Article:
A huge part of what I do in my job at a regional, state university is service–by which I mean the work I do for my department (history) my college (liberal arts) and my university (MTSU), the professional organizations to which I belong, and the larger Murfreesboro community. So I sit on committees–department, college, and university– advise and mentor students, both undergraduate and graduate, and, when the opportunity arises, give public lectures in the community. And somewhere in there I am supposed to teach and research.
I am not complaining. I love my job and I feel fortunate to have one. I am saying all of this as a preface to pointing out that sometimes it’s tough for me to keep all my ducks in a row. That’s why I am always on the lookout for ways to do my job more effectively or more efficiently.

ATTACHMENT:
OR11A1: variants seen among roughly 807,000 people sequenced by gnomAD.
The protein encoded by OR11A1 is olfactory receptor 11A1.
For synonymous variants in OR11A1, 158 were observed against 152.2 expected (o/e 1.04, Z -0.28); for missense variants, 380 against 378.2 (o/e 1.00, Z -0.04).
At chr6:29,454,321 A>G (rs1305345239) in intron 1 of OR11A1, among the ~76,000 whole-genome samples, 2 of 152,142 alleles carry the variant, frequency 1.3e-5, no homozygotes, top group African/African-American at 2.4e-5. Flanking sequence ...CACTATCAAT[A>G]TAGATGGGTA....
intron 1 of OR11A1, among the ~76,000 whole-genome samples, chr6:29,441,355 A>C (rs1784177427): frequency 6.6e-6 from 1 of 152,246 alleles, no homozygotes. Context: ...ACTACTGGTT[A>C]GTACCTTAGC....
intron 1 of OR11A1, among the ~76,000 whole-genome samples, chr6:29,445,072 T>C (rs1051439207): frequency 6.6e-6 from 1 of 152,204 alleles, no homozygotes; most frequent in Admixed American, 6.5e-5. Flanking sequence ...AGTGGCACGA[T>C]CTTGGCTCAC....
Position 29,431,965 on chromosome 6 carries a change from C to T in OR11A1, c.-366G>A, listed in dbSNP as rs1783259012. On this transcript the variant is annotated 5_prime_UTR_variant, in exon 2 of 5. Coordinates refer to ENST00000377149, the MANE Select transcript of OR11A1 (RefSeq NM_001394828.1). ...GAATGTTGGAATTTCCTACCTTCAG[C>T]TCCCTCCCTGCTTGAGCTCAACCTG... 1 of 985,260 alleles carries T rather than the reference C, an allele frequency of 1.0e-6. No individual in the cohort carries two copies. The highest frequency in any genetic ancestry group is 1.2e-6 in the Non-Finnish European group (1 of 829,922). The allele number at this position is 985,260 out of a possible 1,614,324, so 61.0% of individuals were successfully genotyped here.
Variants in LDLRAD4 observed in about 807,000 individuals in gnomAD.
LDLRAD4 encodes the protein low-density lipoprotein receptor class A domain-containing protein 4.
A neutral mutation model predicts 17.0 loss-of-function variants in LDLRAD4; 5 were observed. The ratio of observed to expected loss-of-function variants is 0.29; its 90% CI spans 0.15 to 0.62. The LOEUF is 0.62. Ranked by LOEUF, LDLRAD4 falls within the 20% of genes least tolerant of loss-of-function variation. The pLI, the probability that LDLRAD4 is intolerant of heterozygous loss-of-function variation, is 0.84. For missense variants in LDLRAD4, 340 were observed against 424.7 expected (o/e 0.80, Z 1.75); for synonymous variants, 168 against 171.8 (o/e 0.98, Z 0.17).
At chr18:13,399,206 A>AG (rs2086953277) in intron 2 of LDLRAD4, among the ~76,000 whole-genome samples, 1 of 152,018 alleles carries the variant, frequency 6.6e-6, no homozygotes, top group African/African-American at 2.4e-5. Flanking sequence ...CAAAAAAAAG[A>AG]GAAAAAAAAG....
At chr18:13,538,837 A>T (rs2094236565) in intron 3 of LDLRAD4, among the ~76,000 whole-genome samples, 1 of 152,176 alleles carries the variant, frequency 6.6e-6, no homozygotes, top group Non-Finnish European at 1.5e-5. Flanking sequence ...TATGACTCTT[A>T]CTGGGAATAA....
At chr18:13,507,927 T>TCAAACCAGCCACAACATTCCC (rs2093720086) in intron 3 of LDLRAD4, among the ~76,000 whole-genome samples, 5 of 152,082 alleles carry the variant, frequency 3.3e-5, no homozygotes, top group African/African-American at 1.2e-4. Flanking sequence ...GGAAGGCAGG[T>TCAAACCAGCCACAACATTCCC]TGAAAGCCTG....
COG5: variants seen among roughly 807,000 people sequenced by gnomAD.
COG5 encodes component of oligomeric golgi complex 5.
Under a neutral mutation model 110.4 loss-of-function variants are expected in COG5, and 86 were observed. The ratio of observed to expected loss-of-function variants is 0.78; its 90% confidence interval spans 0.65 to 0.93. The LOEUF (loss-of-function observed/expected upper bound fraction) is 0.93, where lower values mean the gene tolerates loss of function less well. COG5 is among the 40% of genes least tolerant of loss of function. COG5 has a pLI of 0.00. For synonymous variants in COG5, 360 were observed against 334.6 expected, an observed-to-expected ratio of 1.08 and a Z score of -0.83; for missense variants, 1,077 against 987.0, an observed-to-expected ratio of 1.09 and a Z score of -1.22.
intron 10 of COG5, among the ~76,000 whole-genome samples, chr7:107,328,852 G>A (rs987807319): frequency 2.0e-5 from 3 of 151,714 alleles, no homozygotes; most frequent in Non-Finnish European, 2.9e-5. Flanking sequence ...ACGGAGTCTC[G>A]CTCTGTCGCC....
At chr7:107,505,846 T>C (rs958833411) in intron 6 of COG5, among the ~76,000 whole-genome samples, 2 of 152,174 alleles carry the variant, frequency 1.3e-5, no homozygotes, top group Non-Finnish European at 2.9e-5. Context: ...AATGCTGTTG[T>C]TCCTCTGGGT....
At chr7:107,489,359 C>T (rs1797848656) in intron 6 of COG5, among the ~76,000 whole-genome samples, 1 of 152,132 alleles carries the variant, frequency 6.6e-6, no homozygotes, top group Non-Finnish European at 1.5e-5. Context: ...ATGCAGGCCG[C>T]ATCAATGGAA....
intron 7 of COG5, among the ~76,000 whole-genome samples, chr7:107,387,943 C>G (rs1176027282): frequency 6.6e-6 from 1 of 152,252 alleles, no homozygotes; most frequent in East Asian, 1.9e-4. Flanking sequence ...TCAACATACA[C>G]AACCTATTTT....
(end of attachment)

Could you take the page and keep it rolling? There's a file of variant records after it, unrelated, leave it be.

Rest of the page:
One of the blogs that gives me lots to think about is Claire Potter’s Tenured Radical. The most recent post talked about the way letters of recommendation can help our graduate students who are in the midst of job searches in this very difficult market. And it prompted me to think about how I can improve the letters I write and about how I can be certain in all my flurry of activity, that I take the time to write a really careful and thorough letter. This was a good reminder that good letter writing is one of the most important things I can do for my students on the job market and that it should be a priority on my list of service obligations.